8 ways to lower your monthly rent(Read article summary)
With these tips, you could save thousands annually on your apartment rental.
My landlord rents her properties at $850 a month. But I pay $750.
Why? Shrewd negotiation, patience, and a lot of research got me a $100-a-month discount. But that isnâ€™t the only way to save money on rent.
1. Shop around
The Internet has turned me into a hardcore comparison shopper, and apartments are no different. There are dozens of apartment rental sites listing dozens of properties in my hometown. It pays to check out several of these sites when youâ€™re looking for a new pad. I mentioned a few sites you should use (and a few you shouldnâ€™t) in The Best (and Worst) Apartment Rental Sites.
But donâ€™t stop your search with your computer. I found my last apartment through a â€śFor Rentâ€ť sign in the window. The place was $150 cheaper than anything else I found, and I never saw an online ad for it.
2. Move a few miles away
Location is everything in real estate. If you live in the most popular area, youâ€™re going to pay the highest rent. But if you move a couple of miles (or sometimes even a few blocks) away, you can get a serious discount. For example, renters in my city (New Orleans) pay about $1,250 a month to live in studio apartments on a trendy street. I live four blocks away and pay $750 a month for a one-bedroom. I donâ€™t get bragging rights, but Iâ€™m still within walking distance â€“ and Iâ€™m saving $500 a month.
I start looking for a new apartment a month or two before I need one. If I find a place I like, I keep an eye on it. More often than not, private landlords lower their asking price if they donâ€™t find a tenant within a week or two.
4. Sign a longer lease
Youâ€™re locked into your rent as long as youâ€™re under a lease. If you sign a longer lease, youâ€™ll be locked into the lower rate if the cost of rent goes up. Two years ago, my friend signed a three-year lease on his apartment. Last year, the landlord raised the rent $200 across the complex. By locking himself into a set rate for three years, my friend has saved $2,400 so far.
I am not a haggler, but when it comes to my single biggest expense, I negotiate. It doesnâ€™t always work, but if you do your homework â€“ and give the landlord a good reason â€“ he may be willing to lower the rent. (Learn how to haggle here: The Simplest Way to Save on Everything.)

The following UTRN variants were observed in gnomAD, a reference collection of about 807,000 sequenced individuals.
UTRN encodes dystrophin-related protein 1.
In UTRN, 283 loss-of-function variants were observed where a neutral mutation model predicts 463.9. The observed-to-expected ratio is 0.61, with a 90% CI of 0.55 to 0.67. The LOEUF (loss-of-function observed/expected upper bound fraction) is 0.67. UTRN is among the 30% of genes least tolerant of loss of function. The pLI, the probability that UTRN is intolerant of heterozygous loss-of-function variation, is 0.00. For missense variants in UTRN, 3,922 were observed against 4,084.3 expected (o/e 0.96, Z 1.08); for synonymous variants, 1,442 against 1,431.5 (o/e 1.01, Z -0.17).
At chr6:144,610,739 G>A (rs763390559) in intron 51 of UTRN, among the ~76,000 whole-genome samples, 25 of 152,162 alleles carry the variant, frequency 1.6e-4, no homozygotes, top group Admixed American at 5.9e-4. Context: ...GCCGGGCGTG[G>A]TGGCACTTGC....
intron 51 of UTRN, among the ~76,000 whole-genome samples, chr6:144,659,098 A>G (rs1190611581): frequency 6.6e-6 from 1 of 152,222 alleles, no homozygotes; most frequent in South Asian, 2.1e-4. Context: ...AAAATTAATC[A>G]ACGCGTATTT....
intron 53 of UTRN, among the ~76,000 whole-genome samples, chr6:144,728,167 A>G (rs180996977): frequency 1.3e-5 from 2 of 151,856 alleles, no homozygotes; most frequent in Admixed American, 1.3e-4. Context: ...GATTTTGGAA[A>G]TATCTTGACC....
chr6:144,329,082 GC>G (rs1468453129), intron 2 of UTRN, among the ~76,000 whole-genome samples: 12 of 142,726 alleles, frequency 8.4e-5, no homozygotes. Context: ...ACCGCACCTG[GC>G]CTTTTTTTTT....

Start by researching the average rent in the area. If the landlord is charging more than everyone else, print out a few ads to prove it. Then convince the landlord that he should want you as a tenant. I ask for referral letters from my previous landlords, make copies of my bank statements, and pull my credit report. By showing the landlord that Iâ€™m a good tenant â€“ and I know that heâ€™s over-charging â€“ I can negotiate a better rate.
6. Look for free perks
I always compare the cost of the rent with the amenities or the utilities that are sometimes included. For example, I recently looked at two duplexes. One went for $775 a month but didnâ€™t include any utilities or a parking space. The other rented for $800 a month but included water, trash, Wi-Fi, and an off-street space.
Obviously, $775 is cheaper than $800. But when you consider the average water and trash bill in my area is $50 a month, and the average Internet cost is $45 a month, Iâ€™d actually save $95 a month by going with the more expensive rental.
7. Trade work for rent
If you have a skill a landlord needs, you might get a discount on your rent. My landlord rents a unit to a tenant who also serves as our maintenance guy. In exchange for doing the odd job, he gets $350 a month off his rent.
But you donâ€™t have to be handy with tools. Landlords occasionally need people to maintain their website, design rental ads, or manage their properties. If youâ€™ve got free time, offer to trade your services for a discount.
8. Turn a profit on your rental
A few of my neighbors have made a quick profit by renting out their place for the night to tourists. Granted, there are some serious downsides to the idea â€“ like your place possibly getting trashed â€“ but my neighbor made $300 in two nights. If you live in a popular city, you could stand to make a profit a few times a year. Just make sure you get your landlordâ€™s approval â€“ and ask for a security deposit before you open the door to strangers.
Angela Colley is a writer forÂ Money Talks News, a consumer/personal finance TV news feature that airs in about 80 cities as well as around the Web. This column first appeared in Money Talks News.